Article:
Yet those who are focused on this “longest-ever” factoid may be missing the key point. Better might be to step back and consider this market within two other historical contexts: valuations and liquidity. Based on that analysis, investors might choose to make some portfolio adjustments.


SP 500 Annual returns


At year end, the S&P 500® Index was approaching its highest valuation level since 1999. While it hasn’t yet matched that historical level just yet, it is indeed in the stratosphere, keeping company with another infamous year, 1929. Moreover, the entire stunning rally in 2019, which represented the eleventh highest calendar-year returns since 1927, was from multiple expansion, not earnings growth.

It is true that the “overvalued” argument is not new and has left many investors in the dust and on the sidelines. Yet we also know what typically happens when market sentiment gets a little too ebullient and concludes that history no longer matter because we’re in a new era of innovation that requires a new way of valuing companies. As Winston Churchill allegedly said: “Those who fail to learn from history are condemned to repeat it.”

History suggests stock valuations are an excellent measures of price performance in the long-term, despite their shortcomings as a near-term indicator. Eventually, investors realize that valuations are ultimately tethered to the fundamentals of corporate earnings’ growth, and this pulls stock prices back towards the mean. That might be up or down, depending on sentiment and where we are in the cycle. So while we acknowledge that valuations are a poor timing tool, valuations matter.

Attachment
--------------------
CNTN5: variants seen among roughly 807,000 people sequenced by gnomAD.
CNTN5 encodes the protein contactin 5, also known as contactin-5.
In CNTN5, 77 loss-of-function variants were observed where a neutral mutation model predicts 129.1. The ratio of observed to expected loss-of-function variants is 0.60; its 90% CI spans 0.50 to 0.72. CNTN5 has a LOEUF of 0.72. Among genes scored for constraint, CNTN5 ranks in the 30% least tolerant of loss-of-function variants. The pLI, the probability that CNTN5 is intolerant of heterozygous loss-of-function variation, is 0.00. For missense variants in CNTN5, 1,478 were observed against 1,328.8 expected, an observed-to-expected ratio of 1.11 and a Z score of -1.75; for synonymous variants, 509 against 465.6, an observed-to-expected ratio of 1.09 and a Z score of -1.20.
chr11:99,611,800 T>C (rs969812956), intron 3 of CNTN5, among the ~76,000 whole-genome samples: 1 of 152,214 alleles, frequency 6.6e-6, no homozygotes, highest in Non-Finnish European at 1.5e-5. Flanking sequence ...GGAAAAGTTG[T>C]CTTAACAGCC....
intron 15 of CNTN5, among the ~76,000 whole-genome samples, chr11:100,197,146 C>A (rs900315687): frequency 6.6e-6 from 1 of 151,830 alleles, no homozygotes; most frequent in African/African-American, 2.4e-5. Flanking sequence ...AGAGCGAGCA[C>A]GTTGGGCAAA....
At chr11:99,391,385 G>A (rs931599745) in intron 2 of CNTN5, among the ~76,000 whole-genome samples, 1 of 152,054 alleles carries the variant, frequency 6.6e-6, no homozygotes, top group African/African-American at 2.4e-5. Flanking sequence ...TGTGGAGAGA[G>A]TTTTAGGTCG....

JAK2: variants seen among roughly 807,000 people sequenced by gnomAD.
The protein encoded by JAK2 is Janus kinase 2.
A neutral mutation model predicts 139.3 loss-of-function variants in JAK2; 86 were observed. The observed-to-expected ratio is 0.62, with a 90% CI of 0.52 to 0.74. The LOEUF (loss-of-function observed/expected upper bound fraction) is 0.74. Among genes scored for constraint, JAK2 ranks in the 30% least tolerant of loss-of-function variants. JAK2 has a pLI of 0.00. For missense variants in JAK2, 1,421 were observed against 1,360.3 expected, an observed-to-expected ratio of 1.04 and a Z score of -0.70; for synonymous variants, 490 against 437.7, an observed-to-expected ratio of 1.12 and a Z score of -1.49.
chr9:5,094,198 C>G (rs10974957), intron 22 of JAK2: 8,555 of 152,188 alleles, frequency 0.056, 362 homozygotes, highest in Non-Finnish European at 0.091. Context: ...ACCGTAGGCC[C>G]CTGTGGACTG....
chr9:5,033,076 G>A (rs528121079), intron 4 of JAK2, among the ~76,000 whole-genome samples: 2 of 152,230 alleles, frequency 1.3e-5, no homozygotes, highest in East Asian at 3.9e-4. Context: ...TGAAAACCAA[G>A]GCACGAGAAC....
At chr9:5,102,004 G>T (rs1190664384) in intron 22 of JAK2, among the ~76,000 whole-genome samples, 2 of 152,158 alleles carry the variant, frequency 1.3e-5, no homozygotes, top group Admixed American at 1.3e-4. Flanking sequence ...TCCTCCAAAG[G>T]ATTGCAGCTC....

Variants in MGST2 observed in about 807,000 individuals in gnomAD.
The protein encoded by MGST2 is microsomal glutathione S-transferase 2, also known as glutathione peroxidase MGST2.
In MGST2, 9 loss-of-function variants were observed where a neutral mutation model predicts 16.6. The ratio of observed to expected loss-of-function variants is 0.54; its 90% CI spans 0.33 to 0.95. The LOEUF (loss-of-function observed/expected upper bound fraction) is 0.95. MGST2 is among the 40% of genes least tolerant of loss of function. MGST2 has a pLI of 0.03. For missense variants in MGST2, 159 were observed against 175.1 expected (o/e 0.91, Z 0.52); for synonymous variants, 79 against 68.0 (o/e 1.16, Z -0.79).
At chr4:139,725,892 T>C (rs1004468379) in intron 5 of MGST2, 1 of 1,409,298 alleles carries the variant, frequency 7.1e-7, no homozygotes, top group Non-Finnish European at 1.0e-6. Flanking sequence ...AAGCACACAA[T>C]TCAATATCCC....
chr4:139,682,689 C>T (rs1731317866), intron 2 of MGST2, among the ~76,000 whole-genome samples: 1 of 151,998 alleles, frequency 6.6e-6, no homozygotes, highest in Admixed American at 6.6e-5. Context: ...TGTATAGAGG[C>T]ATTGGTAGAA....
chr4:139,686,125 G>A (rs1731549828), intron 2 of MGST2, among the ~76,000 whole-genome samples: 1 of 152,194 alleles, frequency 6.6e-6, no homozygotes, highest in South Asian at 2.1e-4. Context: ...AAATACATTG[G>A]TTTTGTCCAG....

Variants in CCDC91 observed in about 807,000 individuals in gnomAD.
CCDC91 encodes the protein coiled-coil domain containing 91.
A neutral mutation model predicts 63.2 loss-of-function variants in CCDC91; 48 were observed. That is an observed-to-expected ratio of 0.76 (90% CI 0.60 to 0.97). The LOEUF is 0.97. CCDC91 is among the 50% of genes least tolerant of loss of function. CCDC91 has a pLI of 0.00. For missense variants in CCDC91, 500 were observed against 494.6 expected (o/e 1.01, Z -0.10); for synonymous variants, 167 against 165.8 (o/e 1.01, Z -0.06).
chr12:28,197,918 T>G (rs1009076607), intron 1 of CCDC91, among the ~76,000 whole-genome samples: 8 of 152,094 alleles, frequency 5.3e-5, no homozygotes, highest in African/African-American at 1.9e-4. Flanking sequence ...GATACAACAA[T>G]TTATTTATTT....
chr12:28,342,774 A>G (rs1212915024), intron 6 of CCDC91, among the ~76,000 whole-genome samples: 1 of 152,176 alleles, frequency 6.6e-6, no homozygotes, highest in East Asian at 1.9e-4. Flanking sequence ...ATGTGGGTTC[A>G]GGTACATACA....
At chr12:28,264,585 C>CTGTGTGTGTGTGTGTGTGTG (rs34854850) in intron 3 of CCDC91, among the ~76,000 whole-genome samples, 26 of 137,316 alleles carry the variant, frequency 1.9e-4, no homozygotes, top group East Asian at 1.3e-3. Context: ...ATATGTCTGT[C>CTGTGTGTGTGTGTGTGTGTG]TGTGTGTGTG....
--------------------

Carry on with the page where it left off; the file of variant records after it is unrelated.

SP 500 Increase Earning

Still, the large-cap tech companies of today are not the dot.coms of yesteryear. Anything but. Many of these tech companies are clear innovators, displacing old incumbents in a range of industries that were ripe for disruption. In fact, many of these tech companies may well deserve their rich valuations and may continue to grow and flourish. But there is a point when even great companies with growing earnings can have a dangerous stock price. That point is not to be underestimated.

Take Cisco¹, a profitable and respected technology stalwart that has been dominant in its space over the long term, as just one example. At the peak of the tech bubble in March of 2000, Cisco had a very rich valuation, illustrated by a 381x P/E. In the ensuing years, Cisco continued to grow and make money while its stock price dropped almost 90%, collapsing the P/E to a still-elevated 26x. CSCO wasn’t necessarily a bad company, but ignoring its valuation back in 2000 was a bad idea.


 Cisco Stock Price_Sized


Liquidity matters